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COMMITTEE ON THE ELIMINATION OF DISCRIMINATION AGAINST WOMEN REVIEWS THE REPORT OF TURKMENISTAN

10 July 2018

The Committee on the Elimination of Discrimination against Women today considered the fifth periodic report of Turkmenistan on its implementation of the provisions of the Convention on the Elimination of All Forms of Discrimination against Women.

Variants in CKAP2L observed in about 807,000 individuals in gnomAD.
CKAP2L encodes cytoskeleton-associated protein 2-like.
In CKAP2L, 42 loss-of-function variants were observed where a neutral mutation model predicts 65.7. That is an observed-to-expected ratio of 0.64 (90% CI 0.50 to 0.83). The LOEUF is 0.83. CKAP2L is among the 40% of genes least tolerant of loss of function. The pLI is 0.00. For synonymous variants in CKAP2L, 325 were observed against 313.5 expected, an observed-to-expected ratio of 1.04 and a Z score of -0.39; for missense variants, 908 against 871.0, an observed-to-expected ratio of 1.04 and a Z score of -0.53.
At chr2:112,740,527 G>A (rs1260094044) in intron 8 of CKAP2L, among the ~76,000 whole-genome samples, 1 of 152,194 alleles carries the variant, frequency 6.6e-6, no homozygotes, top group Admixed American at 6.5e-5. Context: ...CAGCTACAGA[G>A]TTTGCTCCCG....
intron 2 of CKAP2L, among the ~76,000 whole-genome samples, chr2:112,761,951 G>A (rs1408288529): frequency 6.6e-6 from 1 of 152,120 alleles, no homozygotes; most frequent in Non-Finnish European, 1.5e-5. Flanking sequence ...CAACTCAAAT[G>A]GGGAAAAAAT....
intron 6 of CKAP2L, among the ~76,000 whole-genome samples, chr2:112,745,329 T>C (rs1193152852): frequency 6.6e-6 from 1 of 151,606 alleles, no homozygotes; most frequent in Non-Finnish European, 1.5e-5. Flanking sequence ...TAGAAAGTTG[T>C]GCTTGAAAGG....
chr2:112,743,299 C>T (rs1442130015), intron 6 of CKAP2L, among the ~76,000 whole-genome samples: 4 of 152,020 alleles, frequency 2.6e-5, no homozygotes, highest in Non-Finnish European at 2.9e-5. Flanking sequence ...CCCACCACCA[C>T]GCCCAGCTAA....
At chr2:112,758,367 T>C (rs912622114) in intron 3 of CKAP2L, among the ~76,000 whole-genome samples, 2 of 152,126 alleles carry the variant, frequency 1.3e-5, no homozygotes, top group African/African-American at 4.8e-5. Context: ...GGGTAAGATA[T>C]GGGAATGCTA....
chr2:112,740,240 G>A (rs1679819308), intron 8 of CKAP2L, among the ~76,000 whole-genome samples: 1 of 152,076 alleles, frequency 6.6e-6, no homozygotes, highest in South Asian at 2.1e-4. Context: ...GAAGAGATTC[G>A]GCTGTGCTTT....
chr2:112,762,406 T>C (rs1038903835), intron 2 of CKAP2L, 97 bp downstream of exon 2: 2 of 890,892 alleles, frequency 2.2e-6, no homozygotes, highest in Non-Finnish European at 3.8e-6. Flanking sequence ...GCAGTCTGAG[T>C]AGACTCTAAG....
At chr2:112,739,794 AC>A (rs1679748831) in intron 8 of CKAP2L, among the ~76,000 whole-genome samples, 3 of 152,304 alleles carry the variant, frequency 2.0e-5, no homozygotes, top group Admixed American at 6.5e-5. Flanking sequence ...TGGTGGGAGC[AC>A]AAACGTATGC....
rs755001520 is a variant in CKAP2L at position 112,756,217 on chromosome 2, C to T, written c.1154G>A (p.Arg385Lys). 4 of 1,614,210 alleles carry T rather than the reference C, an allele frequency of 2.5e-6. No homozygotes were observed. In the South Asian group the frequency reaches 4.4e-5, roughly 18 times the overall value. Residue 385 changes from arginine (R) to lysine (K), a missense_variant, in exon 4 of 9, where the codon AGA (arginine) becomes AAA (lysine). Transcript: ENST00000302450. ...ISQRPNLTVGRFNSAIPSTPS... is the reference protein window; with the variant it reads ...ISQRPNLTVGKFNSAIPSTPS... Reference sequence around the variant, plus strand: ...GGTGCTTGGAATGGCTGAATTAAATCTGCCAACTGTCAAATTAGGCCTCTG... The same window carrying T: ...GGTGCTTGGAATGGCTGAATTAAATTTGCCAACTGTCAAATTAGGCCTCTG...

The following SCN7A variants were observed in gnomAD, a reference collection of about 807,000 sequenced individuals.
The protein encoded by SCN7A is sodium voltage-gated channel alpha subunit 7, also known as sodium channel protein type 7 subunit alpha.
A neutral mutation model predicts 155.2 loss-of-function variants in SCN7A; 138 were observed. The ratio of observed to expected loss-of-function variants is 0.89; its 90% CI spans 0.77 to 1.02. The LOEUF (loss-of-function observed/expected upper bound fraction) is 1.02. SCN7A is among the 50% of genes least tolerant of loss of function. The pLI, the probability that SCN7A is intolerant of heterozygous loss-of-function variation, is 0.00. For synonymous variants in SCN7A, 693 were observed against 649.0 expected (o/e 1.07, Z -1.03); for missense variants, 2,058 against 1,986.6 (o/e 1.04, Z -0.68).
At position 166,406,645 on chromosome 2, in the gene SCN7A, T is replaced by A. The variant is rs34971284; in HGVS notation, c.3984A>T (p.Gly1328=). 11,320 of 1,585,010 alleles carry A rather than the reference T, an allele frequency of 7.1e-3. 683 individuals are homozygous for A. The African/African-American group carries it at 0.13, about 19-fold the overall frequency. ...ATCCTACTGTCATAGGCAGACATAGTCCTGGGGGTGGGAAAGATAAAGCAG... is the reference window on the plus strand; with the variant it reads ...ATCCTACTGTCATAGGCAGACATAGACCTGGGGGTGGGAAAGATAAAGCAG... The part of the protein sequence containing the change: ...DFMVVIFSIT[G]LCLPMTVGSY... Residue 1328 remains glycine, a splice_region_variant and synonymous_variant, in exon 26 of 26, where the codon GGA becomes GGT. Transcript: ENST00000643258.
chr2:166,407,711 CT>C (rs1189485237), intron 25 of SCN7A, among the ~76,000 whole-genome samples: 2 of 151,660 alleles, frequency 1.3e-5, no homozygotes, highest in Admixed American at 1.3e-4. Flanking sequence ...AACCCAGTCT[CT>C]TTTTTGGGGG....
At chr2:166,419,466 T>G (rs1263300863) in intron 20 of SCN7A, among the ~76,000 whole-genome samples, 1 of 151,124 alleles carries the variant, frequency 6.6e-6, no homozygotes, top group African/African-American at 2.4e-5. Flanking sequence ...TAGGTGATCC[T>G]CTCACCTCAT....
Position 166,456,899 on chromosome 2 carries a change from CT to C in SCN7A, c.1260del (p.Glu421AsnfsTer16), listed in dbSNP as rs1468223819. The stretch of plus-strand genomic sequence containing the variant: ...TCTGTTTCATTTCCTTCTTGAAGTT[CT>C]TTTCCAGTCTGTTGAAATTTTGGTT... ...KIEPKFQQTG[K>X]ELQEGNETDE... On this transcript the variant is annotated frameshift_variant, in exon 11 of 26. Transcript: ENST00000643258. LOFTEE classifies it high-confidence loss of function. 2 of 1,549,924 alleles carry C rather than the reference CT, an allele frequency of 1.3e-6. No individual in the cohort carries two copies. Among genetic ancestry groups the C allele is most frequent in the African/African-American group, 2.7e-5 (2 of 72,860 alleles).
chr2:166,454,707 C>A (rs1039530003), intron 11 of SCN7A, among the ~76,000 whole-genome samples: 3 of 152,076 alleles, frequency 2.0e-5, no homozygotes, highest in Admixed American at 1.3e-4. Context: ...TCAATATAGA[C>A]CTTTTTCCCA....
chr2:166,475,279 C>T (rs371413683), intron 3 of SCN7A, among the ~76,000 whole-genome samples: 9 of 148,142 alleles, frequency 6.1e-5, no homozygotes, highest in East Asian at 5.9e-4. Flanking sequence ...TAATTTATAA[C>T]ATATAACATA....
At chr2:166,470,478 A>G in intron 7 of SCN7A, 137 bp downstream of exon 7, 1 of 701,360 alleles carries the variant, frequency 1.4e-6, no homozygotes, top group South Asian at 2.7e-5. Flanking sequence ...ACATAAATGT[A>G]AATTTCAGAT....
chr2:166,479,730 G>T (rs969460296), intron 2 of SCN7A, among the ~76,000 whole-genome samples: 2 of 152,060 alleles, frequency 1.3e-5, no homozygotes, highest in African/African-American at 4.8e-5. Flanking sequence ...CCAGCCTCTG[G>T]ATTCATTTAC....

Merdan Govshudov, Deputy Minister of Education of Turkmenistan, introducing the report, said that much progress had been made in the area of gender equality, highlighting in particular the new Constitution adopted in 2016 that guaranteed the equality of women and men before the law.  A fully independent Office of the Ombudsman had been set up in 2017 to ensure the protection of the human rights of all, and most importantly, the Law on the State Guarantees for the Equal Rights and Equal Opportunities for Men and Women, adopted in 2015, guaranteed equality in all spheres of life.  The national action plan for gender equality 2015-2020 contained specific actions to change and eradicate gender stereotypes.  Women’s political participation took place of pride: women represented 24.8 per cent of Members of Parliament, the Speaker of Parliament was a woman, women made up more than 20 per cent of the People’s Councils, while 43 per cent of the economically active population in 2017 were women.  The law guaranteed the right to education to all, boys and girls alike, who had equal opportunities to choose their field of study, including in higher education.  There was no specific law on domestic violence or violence against women, but women were protected by the criminal law which prohibited violence in any form.